That bit is Phase I, the easiest to turn into reality. The next bit's harder because the bridges have decayed somewhat, and at present can only be crossed via a narrow maintenance walkway slung above a slatted void. It looks damned pretty from underneath, especially if the sun is shining through the gaps, but a whole new floor is going to be required, first over Royal College Street, then Randolph Street and finally St Pancras Way.
The further east the Highline goes, the less gentrified its surroundings become. The first set of backstreets had cobbles and some desirable villas, but by this stage it's a little gloomier with lock-up yards and infill flats, and further ahead we'll be entering full-on abandoned car territory. If New York is anything to go by, the Highline has the potential to drag this peripheral area somewhat upmarket, which is of course a double-edged sword... and it would (for example) be ghastly to see Castle's pie and mash shop swapped for some bland chain selling chai and churros rather than spotted dick and custard.
By the time the Highline reaches the top end of Camley Street, its environs are distinctly less salubrious. A dozen abandoned vehicles lurk in a dip under the railway bridge, graffiti scrawled into the grime on their windscreens, while a generator pumps away on behalf of one of the minor industrial units alongside. This area reminded me very much of parts of Stratford before the Olympics came, and we all know how that turned out. But adjacent redevelopment plans could also increase possibilities for better connections, because someone else might end up paying for the necessary ramps and lift.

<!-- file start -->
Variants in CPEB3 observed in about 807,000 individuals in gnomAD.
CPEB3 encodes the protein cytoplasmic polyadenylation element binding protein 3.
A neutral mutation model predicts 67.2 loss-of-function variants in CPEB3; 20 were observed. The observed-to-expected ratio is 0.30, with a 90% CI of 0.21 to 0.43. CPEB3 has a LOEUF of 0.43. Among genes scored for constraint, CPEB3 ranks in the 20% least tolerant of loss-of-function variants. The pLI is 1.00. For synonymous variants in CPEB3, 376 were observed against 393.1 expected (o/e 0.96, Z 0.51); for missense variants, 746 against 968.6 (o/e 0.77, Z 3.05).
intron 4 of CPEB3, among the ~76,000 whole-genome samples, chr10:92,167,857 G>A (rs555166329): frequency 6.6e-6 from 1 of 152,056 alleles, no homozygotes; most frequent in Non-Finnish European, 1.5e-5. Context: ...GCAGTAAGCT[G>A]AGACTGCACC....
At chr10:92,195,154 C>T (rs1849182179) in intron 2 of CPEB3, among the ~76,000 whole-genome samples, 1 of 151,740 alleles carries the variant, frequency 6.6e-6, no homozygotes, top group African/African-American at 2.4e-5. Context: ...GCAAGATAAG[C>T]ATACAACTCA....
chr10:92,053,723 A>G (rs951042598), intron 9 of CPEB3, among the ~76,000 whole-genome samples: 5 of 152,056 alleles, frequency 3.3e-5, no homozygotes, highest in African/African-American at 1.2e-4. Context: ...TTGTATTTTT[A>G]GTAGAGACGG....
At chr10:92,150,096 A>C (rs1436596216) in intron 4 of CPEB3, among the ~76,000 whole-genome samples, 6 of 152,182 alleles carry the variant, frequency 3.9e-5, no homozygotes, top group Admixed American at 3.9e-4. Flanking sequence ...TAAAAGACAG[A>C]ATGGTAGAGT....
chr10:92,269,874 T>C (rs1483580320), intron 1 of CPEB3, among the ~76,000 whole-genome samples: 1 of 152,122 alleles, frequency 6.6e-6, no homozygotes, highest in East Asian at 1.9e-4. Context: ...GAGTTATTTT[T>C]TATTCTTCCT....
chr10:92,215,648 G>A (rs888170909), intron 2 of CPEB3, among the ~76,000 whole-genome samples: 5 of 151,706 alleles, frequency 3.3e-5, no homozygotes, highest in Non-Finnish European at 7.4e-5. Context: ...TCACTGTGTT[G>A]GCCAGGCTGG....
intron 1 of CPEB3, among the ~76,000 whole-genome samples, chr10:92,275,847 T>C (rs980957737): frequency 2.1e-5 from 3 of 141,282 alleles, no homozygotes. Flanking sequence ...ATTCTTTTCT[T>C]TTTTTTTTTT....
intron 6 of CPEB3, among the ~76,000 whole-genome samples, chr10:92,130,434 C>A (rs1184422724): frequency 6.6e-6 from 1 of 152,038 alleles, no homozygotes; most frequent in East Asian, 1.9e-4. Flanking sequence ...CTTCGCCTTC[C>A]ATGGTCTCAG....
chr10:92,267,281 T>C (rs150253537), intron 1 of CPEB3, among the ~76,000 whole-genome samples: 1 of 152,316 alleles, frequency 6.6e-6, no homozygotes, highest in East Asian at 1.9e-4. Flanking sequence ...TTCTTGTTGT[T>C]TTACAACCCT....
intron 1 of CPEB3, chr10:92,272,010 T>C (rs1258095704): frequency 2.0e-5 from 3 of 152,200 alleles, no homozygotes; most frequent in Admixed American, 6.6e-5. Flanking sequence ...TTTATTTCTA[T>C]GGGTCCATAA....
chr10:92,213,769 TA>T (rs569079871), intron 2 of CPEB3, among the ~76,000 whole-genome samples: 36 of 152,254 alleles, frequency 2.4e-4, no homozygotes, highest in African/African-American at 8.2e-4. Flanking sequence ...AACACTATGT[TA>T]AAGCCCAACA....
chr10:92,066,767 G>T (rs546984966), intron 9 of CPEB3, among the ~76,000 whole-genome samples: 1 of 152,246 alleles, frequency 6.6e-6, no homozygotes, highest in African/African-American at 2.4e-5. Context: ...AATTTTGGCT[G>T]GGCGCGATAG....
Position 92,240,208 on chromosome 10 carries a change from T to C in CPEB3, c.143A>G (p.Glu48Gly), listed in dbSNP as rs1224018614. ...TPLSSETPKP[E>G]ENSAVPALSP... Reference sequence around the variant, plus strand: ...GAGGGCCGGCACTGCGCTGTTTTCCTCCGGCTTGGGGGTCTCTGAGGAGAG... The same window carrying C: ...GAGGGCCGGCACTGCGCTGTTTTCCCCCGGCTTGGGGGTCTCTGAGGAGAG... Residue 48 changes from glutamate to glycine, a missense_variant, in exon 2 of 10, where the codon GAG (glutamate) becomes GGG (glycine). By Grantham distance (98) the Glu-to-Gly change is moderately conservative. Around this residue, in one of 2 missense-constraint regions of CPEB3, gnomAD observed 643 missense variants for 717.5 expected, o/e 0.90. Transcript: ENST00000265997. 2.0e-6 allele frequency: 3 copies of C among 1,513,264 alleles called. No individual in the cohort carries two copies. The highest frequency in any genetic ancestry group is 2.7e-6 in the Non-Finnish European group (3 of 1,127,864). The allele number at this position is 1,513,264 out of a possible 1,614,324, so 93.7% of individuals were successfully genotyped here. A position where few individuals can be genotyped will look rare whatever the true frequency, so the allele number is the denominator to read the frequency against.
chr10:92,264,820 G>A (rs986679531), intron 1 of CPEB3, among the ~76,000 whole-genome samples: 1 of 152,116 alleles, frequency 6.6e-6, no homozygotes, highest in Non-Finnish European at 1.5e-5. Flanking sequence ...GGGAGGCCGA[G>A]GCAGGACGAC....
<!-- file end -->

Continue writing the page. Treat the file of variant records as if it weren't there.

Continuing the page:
Camley Street is also where Adam ended the walk, even though the final section of the proposed Highline is already partly walkable. A narrow metal staircase leads up to an existing path over the Midland mainline - a veritable mugger's paradise - with a vague connection through to the back of the Maiden Lane estate. I didn't linger, because the two gentlemen drinking the day away in this secluded spot were every bit as unsettling as Adam's description had suggested. But it proved simple to peer through the rusty railings on the far side, and to see the messy strip alongside the Overground littered with gantries and other railway clobber, and to conclude that a trackside walkway might not be such an appealing possibility after all.
Unless a very substantial amount of funding can be sourced, the Highline will probably grind to a halt here, a few hundred metres early, at the top of Camley Street. The project blurb may therefore be technically correct when it says the Highline "would link Camden Town to King's Cross by a 10-minute walk", but that's not the King's Cross you're probably thinking of. Instead it's almost a mile down Camley Street to the entrance to the station, and not even especially close to the burgeoning redevelopment zone to the north. If you want a shorter walk from Camden Market to King's Cross St Pancras there's already a safe and direct route, at low level, following the towpath of the Regent's Canal. Perhaps that'll placate the cycling lobby when they discover the Highline won't be allowing them in.
For the time being the best way to get an idea of what the Highline might look like is to ride an Overground train from Camden Road to Caledonian Road & Barnsbury and look out of the window. There it is, a strip barely three metres wide in places, far broader elsewhere, with considerable leisure potential if only money is forthcoming. The Camden Highline team would be only too pleased for your contribution, anything from 50p upwards, to help inch the transformation forward. Alternatively you might want to go on one of the next set of explanatory walks, in late July... or keep your fingers crossed you'll eventually be able to enjoy the genuine experience, when it's finally high time.